I'll do my best to insert pictures as I have them, but since I'm not really much of a whiz when it comes to coding or even screen capturing (you may find more screen caps in the beginning of my journey, as I'm going to start with at least the first couple of NES titles on an emulator, due to lack of a TV to connect the NES to in the house), you'll have to put up with me and probably some relatively sparse illustrations and pictures.

The Start of the Journey

As I mentioned in passing above, at least the first two entries in the series (the original Legend of Zelda and The Adventure of Link) will be played on an emulator with ROMs. I know, I know, there are legal issues to consider with this method, but in all fairness I do own both cartridges, and I'm only going this route out of necessity. As the technology in today's TVs have improved, the connection methods have as well, and the TV I have available for game playing doesn't have a coaxial input! The use of the emulator (Nestopia in this case) and a Super Smart Joy SNES controller-to-USB converter module will allow me to recreate, to an extent, the atmosphere of the original game.

Setting up the controller took longer than expected, because the first SNES controller I connected to the PC in this method had a faulty Start button. There were several frustrating minutes, as I attempted to figure out the problem, and finally resorting to switching out that controller in favor of a fully functioning one. With that minor setback out of the way, I was ready to launch into the journey...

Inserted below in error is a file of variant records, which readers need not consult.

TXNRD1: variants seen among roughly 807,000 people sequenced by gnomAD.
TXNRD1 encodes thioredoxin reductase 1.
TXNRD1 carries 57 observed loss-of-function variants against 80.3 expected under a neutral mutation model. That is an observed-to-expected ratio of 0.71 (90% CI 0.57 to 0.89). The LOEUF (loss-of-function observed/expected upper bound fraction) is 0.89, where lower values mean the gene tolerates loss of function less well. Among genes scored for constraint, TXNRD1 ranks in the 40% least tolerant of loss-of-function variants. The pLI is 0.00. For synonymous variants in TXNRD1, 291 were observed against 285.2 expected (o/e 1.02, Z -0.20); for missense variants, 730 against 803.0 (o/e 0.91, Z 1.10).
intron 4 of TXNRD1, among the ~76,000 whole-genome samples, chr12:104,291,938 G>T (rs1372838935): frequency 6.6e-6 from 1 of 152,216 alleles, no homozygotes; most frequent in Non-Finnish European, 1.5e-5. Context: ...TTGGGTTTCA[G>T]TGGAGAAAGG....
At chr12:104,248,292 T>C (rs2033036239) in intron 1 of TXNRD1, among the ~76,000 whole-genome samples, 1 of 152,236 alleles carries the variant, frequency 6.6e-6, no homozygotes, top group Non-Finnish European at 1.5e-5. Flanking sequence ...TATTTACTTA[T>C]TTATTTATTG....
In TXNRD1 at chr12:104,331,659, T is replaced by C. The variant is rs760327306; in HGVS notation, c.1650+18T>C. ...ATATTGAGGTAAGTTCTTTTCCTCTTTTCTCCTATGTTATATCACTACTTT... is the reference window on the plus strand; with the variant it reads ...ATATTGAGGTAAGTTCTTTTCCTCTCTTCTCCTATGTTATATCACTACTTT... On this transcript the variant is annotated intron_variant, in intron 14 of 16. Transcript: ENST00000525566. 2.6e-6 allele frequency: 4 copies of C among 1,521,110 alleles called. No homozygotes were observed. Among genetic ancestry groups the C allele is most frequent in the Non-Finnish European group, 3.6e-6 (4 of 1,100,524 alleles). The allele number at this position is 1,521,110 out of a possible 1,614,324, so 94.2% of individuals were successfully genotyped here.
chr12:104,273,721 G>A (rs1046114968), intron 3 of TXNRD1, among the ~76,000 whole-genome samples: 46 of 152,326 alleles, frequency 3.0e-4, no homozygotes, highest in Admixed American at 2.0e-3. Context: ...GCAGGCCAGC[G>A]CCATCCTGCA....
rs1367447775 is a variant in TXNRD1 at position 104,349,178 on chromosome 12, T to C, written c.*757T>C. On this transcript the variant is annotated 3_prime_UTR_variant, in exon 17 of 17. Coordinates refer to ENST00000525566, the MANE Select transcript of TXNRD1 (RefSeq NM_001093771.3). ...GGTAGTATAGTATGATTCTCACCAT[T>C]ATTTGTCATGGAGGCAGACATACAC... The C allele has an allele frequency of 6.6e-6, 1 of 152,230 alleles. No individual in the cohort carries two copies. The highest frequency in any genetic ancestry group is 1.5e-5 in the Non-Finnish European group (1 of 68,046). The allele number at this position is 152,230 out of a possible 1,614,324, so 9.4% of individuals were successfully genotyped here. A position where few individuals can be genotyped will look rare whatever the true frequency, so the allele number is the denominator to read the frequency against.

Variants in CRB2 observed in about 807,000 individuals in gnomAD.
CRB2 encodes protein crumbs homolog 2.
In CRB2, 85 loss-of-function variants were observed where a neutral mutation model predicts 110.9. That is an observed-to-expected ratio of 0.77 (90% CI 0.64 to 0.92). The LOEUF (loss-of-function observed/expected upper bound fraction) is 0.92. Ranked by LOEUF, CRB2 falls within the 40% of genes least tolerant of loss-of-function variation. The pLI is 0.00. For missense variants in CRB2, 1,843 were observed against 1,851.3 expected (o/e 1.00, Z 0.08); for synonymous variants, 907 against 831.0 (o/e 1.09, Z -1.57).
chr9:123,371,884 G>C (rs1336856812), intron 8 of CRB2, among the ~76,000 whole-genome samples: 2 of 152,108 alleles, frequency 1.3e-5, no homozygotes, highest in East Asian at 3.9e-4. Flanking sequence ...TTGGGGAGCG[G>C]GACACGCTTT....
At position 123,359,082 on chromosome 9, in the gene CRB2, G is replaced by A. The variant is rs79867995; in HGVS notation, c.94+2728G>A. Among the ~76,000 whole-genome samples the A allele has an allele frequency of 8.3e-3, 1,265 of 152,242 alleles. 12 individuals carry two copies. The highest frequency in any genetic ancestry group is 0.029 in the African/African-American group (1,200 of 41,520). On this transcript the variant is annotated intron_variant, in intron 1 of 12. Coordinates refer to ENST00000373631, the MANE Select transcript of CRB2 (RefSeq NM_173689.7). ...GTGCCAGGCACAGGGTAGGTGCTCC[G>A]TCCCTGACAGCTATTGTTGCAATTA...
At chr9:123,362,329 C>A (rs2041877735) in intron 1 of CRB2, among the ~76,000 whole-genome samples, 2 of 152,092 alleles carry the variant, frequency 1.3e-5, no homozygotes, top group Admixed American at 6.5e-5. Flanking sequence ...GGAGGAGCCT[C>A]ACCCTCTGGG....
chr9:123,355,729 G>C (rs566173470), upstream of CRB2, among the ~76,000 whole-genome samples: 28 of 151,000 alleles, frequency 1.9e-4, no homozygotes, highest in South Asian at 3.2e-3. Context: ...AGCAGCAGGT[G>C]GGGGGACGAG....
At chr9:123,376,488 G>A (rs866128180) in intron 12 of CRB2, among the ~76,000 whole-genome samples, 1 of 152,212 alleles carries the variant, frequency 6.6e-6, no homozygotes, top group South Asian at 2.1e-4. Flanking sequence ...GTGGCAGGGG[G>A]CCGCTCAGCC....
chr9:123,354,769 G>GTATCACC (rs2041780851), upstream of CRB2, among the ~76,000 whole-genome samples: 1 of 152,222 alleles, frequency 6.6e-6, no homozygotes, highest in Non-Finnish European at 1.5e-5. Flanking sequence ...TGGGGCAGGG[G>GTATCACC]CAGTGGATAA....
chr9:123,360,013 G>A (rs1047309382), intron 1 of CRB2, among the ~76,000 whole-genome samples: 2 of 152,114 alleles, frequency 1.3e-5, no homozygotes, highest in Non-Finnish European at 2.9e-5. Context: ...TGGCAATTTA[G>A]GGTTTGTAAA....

Please check back as I update you as regularly as possible on my progress, and post screenshots of my accomplishments. Many people will be able to see the pictures and say, "Hey, I remember that. What a great time that was!" Others may not have experienced the particular game that I'm working on at the moment, and maybe, just maybe I'll inspire others to go back and try some of the really great titles in this series for themselves. No matter what happens, I hope you enjoy my accounts. Please feel free to comment, ask questions, whatever, as I'd love some feedback.

I'll sign off for now, but I'll return soon with updates!

Getting Started

Starting the Game

Starting a New Game